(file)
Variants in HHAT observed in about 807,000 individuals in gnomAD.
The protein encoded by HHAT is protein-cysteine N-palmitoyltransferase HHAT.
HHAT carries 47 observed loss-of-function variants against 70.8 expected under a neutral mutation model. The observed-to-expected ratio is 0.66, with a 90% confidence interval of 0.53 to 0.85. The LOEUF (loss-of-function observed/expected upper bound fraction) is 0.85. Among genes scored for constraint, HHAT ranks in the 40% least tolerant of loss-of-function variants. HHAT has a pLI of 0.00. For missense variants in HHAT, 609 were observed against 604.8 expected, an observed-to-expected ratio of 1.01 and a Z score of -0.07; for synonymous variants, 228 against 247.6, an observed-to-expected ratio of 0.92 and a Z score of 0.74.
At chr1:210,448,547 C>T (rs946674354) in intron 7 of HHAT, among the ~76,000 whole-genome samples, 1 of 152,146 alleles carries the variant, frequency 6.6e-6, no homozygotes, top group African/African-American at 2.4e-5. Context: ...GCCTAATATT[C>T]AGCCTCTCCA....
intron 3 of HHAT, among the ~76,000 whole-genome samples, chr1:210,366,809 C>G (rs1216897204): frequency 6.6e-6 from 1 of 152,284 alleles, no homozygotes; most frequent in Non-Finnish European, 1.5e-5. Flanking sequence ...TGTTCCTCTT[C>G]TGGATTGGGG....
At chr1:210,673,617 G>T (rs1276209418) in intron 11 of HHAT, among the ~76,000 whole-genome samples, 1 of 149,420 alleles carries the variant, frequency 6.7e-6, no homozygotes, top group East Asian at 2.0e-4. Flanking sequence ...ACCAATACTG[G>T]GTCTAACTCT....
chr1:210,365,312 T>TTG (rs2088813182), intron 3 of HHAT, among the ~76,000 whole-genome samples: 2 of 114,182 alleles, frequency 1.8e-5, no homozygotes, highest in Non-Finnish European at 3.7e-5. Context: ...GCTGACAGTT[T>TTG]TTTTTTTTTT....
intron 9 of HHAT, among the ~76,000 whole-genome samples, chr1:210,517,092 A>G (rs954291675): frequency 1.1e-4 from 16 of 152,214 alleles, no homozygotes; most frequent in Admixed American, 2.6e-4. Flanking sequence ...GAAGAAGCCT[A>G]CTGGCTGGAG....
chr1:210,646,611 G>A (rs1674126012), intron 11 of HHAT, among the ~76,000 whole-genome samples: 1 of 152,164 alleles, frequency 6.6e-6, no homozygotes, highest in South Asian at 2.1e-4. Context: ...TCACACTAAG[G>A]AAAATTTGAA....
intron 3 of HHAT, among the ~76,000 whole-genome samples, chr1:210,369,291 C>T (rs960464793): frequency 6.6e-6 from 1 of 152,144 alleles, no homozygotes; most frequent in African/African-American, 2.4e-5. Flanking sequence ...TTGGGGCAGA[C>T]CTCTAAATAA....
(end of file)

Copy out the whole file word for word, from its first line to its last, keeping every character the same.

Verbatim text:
Variants in HHAT observed in about 807,000 individuals in gnomAD.
The protein encoded by HHAT is protein-cysteine N-palmitoyltransferase HHAT.
HHAT carries 47 observed loss-of-function variants against 70.8 expected under a neutral mutation model. The observed-to-expected ratio is 0.66, with a 90% confidence interval of 0.53 to 0.85. The LOEUF (loss-of-function observed/expected upper bound fraction) is 0.85. Among genes scored for constraint, HHAT ranks in the 40% least tolerant of loss-of-function variants. HHAT has a pLI of 0.00. For missense variants in HHAT, 609 were observed against 604.8 expected, an observed-to-expected ratio of 1.01 and a Z score of -0.07; for synonymous variants, 228 against 247.6, an observed-to-expected ratio of 0.92 and a Z score of 0.74.
At chr1:210,448,547 C>T (rs946674354) in intron 7 of HHAT, among the ~76,000 whole-genome samples, 1 of 152,146 alleles carries the variant, frequency 6.6e-6, no homozygotes, top group African/African-American at 2.4e-5. Context: ...GCCTAATATT[C>T]AGCCTCTCCA....
intron 3 of HHAT, among the ~76,000 whole-genome samples, chr1:210,366,809 C>G (rs1216897204): frequency 6.6e-6 from 1 of 152,284 alleles, no homozygotes; most frequent in Non-Finnish European, 1.5e-5. Flanking sequence ...TGTTCCTCTT[C>G]TGGATTGGGG....
At chr1:210,673,617 G>T (rs1276209418) in intron 11 of HHAT, among the ~76,000 whole-genome samples, 1 of 149,420 alleles carries the variant, frequency 6.7e-6, no homozygotes, top group East Asian at 2.0e-4. Flanking sequence ...ACCAATACTG[G>T]GTCTAACTCT....
chr1:210,365,312 T>TTG (rs2088813182), intron 3 of HHAT, among the ~76,000 whole-genome samples: 2 of 114,182 alleles, frequency 1.8e-5, no homozygotes, highest in Non-Finnish European at 3.7e-5. Context: ...GCTGACAGTT[T>TTG]TTTTTTTTTT....
intron 9 of HHAT, among the ~76,000 whole-genome samples, chr1:210,517,092 A>G (rs954291675): frequency 1.1e-4 from 16 of 152,214 alleles, no homozygotes; most frequent in Admixed American, 2.6e-4. Flanking sequence ...GAAGAAGCCT[A>G]CTGGCTGGAG....
chr1:210,646,611 G>A (rs1674126012), intron 11 of HHAT, among the ~76,000 whole-genome samples: 1 of 152,164 alleles, frequency 6.6e-6, no homozygotes, highest in South Asian at 2.1e-4. Context: ...TCACACTAAG[G>A]AAAATTTGAA....
intron 3 of HHAT, among the ~76,000 whole-genome samples, chr1:210,369,291 C>T (rs960464793): frequency 6.6e-6 from 1 of 152,144 alleles, no homozygotes; most frequent in African/African-American, 2.4e-5. Flanking sequence ...TTGGGGCAGA[C>T]CTCTAAATAA....